The strong economy is not translating to higher prices

Outside of shelter and motor vehicle insurance, most other categories are seeing disinflation or an outright fall in prices. That’s despite strong household consumption. Whether it’s food prices, commodities outside food and energy (like vehicles, household furnishings and appliances) or services like hotels, airfares, personal care services, theater and concert admissions, and car and truck rentals.

As I wrote last month, one category I like to follow is inflation within food services, i.e. “full service meals and snacks.” It’s tracked core inflation closely even though it’s not included within the core inflation basket. I find it useful because full-services restaurant meals combine several elements that go into inflation, including:

  • Commodity prices – food, but also energy (which is used for transportation, amongst other things)
  • Wages – for restaurant workers
  • Rents – of restaurant premises

Inflation for restaurant meals has eased a lot over the past few months. It was up just 3.3% from last year, which is in-line with what we saw in 2019. At its peak in August 2022, inflation for restaurant meals was as high as 9%. The current level tells me that underlying inflation is quite benign.

Listen to consumers

Fed Chair Powell has said that one cause of spiraling inflation is rising inflation expectations, which is what happened in the 1970s. If consumers expect higher inflation, they tend to demand more wages and that puts more pressure on prices for goods and services. He can rest easy, because consumer expectations of inflation – both over the next one year and the next five years – have come in below 3% for three months straight (using the University of Michigan consumer survey). That’s not far above pre-pandemic levels, when expectations were running around 2.5-2.8%.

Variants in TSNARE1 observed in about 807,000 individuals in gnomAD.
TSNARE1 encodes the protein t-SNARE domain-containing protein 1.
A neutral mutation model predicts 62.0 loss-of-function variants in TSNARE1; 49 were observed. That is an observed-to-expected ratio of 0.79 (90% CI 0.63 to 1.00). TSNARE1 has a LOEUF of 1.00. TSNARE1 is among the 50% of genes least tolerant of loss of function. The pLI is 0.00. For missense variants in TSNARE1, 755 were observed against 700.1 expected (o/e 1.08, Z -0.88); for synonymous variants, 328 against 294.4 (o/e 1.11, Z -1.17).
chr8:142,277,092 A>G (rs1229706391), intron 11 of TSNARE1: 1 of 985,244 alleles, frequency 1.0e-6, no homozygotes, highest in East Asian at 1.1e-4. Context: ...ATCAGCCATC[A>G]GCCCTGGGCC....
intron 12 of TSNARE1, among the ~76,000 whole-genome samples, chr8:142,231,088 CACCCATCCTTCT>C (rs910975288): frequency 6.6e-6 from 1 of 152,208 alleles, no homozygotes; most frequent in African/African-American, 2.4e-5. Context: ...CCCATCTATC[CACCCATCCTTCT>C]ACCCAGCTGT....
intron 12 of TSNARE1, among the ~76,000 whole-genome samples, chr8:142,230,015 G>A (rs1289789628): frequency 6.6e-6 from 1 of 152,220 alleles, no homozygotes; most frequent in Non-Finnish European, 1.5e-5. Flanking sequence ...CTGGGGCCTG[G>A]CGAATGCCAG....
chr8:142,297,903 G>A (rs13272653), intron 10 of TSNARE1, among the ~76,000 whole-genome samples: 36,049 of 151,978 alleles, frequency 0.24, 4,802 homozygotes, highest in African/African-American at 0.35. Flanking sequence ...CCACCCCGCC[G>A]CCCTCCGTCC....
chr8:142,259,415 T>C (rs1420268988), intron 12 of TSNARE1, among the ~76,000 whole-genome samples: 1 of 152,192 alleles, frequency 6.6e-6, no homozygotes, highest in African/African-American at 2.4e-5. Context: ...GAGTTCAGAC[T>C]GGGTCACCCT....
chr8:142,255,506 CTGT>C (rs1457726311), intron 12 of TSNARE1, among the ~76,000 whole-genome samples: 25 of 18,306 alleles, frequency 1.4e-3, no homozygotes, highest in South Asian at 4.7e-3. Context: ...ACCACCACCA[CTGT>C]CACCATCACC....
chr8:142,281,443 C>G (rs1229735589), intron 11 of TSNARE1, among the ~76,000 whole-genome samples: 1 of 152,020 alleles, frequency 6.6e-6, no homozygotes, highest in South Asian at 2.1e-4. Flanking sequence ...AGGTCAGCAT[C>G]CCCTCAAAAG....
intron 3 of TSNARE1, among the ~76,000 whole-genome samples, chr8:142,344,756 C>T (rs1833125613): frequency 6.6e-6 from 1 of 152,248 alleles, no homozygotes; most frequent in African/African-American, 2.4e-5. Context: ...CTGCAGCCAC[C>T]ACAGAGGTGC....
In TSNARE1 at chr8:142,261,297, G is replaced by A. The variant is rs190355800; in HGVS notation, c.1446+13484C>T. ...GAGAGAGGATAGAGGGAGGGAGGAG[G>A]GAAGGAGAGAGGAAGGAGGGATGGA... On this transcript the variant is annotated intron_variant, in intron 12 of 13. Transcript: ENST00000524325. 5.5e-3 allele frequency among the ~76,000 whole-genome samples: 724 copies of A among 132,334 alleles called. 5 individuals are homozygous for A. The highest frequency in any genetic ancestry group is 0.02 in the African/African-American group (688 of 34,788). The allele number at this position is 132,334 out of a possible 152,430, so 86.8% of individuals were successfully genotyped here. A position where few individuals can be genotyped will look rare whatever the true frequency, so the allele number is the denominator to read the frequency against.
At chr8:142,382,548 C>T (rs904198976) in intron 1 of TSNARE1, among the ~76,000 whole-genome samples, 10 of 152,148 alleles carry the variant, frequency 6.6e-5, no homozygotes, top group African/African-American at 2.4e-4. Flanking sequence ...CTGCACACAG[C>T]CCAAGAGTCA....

Consumer inflation expectations are not particularly accurate in forecasting future inflation. (It’s hard even for the Fed.) But I find it useful as a gauge of current inflation, because consumers usually project current inflation out into the future. And right now, consumers are saying inflation is running only slightly above where it was in 2019.

Rate cuts get pushed out

The firm inflation data in Q1 likely pushes out the timing of the first interest rate cut by the Fed, perhaps to July at the earliest, if not September. There’s even less urgency to cut because the labor market continues to run strong. At the same time, there’s a lot more inflation data to come between now and June, let alone July. The underlying data points to core inflation hitting the Fed’s estimate of 2.6% by the end of the year – and based on their own projection, that’s good enough for the cuts.

As Powell noted in his press conference in March, they didn’t sound victory bells when inflation really eased in the second half of 2023, and they’re not going to panic based on the Q1 data. The disinflation trend is likely on track, albeit with a few bumps along the way.

Ryan and I chatted about the strong economy, its impact (or lack thereof) on inflation, and the prospect of rate cuts in our latest Facts vs Feelings podcast. Take a listen:

For more content by Sonu Varghese, VP, Global Macro Strategist click here.